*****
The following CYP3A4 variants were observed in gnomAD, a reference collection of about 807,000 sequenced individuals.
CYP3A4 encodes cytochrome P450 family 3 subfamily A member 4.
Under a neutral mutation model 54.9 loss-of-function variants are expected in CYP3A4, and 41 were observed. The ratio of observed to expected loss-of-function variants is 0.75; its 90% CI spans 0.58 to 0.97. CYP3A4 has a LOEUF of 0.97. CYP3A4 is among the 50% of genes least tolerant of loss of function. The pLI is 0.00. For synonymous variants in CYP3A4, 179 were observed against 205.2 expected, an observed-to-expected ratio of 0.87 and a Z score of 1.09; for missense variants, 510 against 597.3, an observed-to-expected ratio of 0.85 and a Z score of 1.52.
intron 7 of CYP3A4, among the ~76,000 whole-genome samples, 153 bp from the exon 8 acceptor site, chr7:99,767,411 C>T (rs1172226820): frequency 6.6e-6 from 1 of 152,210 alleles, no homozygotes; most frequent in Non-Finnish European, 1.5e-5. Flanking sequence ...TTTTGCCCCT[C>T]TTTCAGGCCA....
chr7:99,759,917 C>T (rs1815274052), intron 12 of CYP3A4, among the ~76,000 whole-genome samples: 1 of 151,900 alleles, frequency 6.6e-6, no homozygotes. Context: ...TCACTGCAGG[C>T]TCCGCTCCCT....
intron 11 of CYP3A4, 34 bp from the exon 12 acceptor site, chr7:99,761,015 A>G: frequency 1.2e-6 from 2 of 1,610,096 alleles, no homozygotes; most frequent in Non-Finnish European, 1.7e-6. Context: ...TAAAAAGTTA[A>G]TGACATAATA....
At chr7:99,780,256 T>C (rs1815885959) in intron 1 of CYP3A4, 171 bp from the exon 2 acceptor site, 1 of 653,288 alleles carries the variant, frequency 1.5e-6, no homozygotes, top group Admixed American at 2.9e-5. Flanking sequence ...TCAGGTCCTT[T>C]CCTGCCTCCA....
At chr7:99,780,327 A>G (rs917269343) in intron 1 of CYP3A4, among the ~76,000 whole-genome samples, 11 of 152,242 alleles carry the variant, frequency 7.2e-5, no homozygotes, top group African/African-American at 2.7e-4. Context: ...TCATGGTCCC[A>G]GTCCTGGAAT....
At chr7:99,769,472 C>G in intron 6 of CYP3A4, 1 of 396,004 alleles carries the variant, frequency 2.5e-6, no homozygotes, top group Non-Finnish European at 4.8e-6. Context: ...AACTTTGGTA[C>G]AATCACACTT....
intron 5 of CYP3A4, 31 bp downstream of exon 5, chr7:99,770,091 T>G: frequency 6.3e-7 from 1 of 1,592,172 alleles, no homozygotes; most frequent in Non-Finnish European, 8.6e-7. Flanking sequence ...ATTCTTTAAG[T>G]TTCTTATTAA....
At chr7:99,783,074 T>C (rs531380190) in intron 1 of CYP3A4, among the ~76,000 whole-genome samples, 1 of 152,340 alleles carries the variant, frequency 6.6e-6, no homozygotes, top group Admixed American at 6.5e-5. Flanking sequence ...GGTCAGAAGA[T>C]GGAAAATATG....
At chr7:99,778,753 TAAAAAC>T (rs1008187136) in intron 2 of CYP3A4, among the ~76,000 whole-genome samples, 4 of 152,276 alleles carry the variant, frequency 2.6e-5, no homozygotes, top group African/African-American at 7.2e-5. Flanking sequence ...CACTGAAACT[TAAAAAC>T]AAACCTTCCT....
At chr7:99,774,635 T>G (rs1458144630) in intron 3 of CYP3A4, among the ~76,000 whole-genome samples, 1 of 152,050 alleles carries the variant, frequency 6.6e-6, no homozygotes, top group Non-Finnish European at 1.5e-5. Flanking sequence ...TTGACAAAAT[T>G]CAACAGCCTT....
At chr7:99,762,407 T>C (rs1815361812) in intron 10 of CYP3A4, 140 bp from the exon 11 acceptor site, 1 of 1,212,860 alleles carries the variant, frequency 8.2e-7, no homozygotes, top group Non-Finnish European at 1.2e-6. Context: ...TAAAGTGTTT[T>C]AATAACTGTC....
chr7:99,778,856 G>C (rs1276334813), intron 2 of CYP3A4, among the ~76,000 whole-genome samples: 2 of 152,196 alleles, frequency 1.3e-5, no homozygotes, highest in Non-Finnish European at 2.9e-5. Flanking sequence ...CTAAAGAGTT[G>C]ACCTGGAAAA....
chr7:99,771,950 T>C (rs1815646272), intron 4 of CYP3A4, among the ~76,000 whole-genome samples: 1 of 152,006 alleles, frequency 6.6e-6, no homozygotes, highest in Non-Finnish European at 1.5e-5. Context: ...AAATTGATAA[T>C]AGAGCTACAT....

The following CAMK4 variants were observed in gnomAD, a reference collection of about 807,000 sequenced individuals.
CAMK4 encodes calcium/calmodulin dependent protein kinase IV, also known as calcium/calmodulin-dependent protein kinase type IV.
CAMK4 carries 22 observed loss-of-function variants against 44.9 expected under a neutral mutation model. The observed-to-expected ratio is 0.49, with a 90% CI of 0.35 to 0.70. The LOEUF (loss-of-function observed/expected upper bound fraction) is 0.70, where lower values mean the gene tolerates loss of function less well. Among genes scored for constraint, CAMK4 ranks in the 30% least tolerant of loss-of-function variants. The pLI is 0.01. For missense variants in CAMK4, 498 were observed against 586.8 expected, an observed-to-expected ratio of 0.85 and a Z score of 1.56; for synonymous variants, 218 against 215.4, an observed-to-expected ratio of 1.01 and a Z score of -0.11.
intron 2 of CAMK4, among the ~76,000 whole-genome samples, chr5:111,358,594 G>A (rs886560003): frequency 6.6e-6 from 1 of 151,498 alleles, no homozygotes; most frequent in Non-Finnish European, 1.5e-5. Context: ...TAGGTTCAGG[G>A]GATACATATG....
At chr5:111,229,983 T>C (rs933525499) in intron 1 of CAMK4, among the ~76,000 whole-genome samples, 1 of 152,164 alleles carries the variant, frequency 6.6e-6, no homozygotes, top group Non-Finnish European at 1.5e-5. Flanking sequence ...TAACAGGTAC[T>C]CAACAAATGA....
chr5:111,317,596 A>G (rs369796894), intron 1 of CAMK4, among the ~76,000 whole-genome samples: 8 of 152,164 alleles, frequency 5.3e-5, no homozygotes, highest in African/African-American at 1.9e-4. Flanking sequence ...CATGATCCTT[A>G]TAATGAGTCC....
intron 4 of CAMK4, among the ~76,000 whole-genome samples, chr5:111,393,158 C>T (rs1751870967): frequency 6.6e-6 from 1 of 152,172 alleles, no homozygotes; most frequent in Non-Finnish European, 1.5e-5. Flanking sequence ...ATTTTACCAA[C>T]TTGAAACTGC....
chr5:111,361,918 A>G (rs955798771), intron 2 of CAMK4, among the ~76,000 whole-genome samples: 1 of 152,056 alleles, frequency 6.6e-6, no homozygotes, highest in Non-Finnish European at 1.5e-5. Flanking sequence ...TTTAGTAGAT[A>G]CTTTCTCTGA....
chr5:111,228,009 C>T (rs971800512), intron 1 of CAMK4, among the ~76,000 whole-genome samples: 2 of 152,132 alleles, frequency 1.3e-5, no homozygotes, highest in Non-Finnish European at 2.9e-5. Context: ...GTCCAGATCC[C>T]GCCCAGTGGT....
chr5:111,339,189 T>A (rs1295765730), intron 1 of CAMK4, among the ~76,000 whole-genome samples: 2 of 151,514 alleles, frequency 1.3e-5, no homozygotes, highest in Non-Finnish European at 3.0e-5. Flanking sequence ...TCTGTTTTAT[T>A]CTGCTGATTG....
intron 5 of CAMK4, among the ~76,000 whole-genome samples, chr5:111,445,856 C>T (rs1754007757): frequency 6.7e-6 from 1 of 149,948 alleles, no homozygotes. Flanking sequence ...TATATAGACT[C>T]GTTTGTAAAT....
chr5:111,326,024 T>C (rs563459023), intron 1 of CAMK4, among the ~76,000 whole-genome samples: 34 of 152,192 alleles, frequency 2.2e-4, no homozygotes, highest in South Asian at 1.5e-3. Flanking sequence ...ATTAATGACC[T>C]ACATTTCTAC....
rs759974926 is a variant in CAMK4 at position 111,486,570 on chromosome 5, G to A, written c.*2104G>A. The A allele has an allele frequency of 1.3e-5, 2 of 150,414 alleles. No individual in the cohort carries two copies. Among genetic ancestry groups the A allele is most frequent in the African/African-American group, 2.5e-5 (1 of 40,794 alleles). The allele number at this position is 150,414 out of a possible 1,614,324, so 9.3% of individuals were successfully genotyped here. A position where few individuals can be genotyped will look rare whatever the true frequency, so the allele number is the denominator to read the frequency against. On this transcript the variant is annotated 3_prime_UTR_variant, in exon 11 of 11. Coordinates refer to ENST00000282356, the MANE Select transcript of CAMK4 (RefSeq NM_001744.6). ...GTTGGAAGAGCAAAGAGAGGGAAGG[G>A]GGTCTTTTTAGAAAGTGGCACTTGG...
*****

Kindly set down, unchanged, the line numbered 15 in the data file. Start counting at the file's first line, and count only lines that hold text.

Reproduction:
chr7:99,778,856 G>C (rs1276334813), intron 2 of CYP3A4, among the ~76,000 whole-genome samples: 2 of 152,196 alleles, frequency 1.3e-5, no homozygotes, highest in Non-Finnish European at 2.9e-5. Flanking sequence ...CTAAAGAGTT[G>C]ACCTGGAAAA....